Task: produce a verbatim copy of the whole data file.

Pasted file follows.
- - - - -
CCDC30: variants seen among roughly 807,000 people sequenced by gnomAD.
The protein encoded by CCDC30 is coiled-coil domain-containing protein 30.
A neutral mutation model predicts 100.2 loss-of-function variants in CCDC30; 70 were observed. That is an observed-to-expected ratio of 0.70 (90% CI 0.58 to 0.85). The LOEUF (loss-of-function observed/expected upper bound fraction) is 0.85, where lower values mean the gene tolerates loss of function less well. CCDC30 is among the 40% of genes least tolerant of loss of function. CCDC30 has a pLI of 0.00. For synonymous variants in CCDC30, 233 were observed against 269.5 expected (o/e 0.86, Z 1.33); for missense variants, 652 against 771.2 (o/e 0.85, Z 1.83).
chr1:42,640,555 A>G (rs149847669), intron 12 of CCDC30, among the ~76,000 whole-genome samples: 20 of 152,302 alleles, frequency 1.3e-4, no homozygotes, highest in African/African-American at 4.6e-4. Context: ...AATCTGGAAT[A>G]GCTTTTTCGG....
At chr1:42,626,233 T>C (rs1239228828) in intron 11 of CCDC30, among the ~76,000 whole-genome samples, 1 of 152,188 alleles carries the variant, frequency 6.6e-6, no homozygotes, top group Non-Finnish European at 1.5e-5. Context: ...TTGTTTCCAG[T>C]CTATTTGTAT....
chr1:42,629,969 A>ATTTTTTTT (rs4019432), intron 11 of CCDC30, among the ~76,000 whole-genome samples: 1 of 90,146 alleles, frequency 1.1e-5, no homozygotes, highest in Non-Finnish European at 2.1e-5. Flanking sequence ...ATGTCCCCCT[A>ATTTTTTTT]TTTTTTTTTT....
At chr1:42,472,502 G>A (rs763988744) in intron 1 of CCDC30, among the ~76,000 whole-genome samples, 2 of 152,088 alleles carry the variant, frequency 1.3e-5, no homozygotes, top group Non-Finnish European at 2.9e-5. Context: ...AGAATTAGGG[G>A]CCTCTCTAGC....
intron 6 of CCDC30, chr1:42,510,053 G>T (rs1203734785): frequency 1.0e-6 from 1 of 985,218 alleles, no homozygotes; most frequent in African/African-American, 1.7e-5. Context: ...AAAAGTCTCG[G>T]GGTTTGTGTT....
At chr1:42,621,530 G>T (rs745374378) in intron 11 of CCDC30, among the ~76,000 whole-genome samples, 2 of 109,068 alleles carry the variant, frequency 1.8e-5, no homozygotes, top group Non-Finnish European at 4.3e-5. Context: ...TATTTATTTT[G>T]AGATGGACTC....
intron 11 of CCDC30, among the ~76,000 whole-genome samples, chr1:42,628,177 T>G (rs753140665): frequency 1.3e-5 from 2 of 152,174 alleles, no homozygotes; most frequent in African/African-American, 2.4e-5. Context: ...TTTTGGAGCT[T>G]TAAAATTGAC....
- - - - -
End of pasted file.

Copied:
CCDC30: variants seen among roughly 807,000 people sequenced by gnomAD.
The protein encoded by CCDC30 is coiled-coil domain-containing protein 30.
A neutral mutation model predicts 100.2 loss-of-function variants in CCDC30; 70 were observed. That is an observed-to-expected ratio of 0.70 (90% CI 0.58 to 0.85). The LOEUF (loss-of-function observed/expected upper bound fraction) is 0.85, where lower values mean the gene tolerates loss of function less well. CCDC30 is among the 40% of genes least tolerant of loss of function. CCDC30 has a pLI of 0.00. For synonymous variants in CCDC30, 233 were observed against 269.5 expected (o/e 0.86, Z 1.33); for missense variants, 652 against 771.2 (o/e 0.85, Z 1.83).
chr1:42,640,555 A>G (rs149847669), intron 12 of CCDC30, among the ~76,000 whole-genome samples: 20 of 152,302 alleles, frequency 1.3e-4, no homozygotes, highest in African/African-American at 4.6e-4. Context: ...AATCTGGAAT[A>G]GCTTTTTCGG....
At chr1:42,626,233 T>C (rs1239228828) in intron 11 of CCDC30, among the ~76,000 whole-genome samples, 1 of 152,188 alleles carries the variant, frequency 6.6e-6, no homozygotes, top group Non-Finnish European at 1.5e-5. Context: ...TTGTTTCCAG[T>C]CTATTTGTAT....
chr1:42,629,969 A>ATTTTTTTT (rs4019432), intron 11 of CCDC30, among the ~76,000 whole-genome samples: 1 of 90,146 alleles, frequency 1.1e-5, no homozygotes, highest in Non-Finnish European at 2.1e-5. Flanking sequence ...ATGTCCCCCT[A>ATTTTTTTT]TTTTTTTTTT....
At chr1:42,472,502 G>A (rs763988744) in intron 1 of CCDC30, among the ~76,000 whole-genome samples, 2 of 152,088 alleles carry the variant, frequency 1.3e-5, no homozygotes, top group Non-Finnish European at 2.9e-5. Context: ...AGAATTAGGG[G>A]CCTCTCTAGC....
intron 6 of CCDC30, chr1:42,510,053 G>T (rs1203734785): frequency 1.0e-6 from 1 of 985,218 alleles, no homozygotes; most frequent in African/African-American, 1.7e-5. Context: ...AAAAGTCTCG[G>T]GGTTTGTGTT....
At chr1:42,621,530 G>T (rs745374378) in intron 11 of CCDC30, among the ~76,000 whole-genome samples, 2 of 109,068 alleles carry the variant, frequency 1.8e-5, no homozygotes, top group Non-Finnish European at 4.3e-5. Context: ...TATTTATTTT[G>T]AGATGGACTC....
intron 11 of CCDC30, among the ~76,000 whole-genome samples, chr1:42,628,177 T>G (rs753140665): frequency 1.3e-5 from 2 of 152,174 alleles, no homozygotes; most frequent in African/African-American, 2.4e-5. Context: ...TTTTGGAGCT[T>G]TAAAATTGAC....